Researchers have pieced together the genomes of a newly identified group of single-celled organisms, unearthing clues about their metabolism.
Archaea are different from bacteria and are generally less studied. To find new, uncultured archaea, Brett Baker at the University of Texas at Austin in Port Aransas and his colleagues extracted and analysed DNA in underwater sediment cores from estuaries in North Carolina. They reconstructed three near-complete genomes of archaea belonging to a new group that the team called Thorarchaeota. The organisms have many genes for breaking down proteins and transporting amino acids, suggesting that proteins are their main carbon source. The microbes could also be biochemically cycling sulfur in sediments.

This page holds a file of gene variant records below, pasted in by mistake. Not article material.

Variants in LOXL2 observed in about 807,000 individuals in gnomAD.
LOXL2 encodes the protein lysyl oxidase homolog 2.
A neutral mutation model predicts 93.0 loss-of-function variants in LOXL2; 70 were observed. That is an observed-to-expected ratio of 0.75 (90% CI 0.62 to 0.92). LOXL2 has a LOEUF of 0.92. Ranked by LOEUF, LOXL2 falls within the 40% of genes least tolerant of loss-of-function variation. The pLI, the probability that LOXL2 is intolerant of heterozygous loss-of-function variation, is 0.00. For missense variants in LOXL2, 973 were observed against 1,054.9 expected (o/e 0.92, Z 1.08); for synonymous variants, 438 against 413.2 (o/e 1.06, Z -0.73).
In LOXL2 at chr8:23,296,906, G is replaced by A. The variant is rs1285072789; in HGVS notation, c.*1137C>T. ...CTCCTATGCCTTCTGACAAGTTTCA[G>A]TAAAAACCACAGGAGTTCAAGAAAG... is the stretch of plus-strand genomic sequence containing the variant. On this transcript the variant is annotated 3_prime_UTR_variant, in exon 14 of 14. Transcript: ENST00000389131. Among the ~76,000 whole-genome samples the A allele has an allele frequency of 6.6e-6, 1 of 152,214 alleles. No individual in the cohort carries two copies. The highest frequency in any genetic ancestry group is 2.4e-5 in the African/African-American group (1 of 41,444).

Identification of these organisms fills in a key part of the archaeal tree of life, the authors say.
ISME J. http://doi.org/bb7p (2016)
About this article
Cite this article
Archaea revealed from genomes. Nature 530, 9 (2016). https://doi.org/10.1038/530009e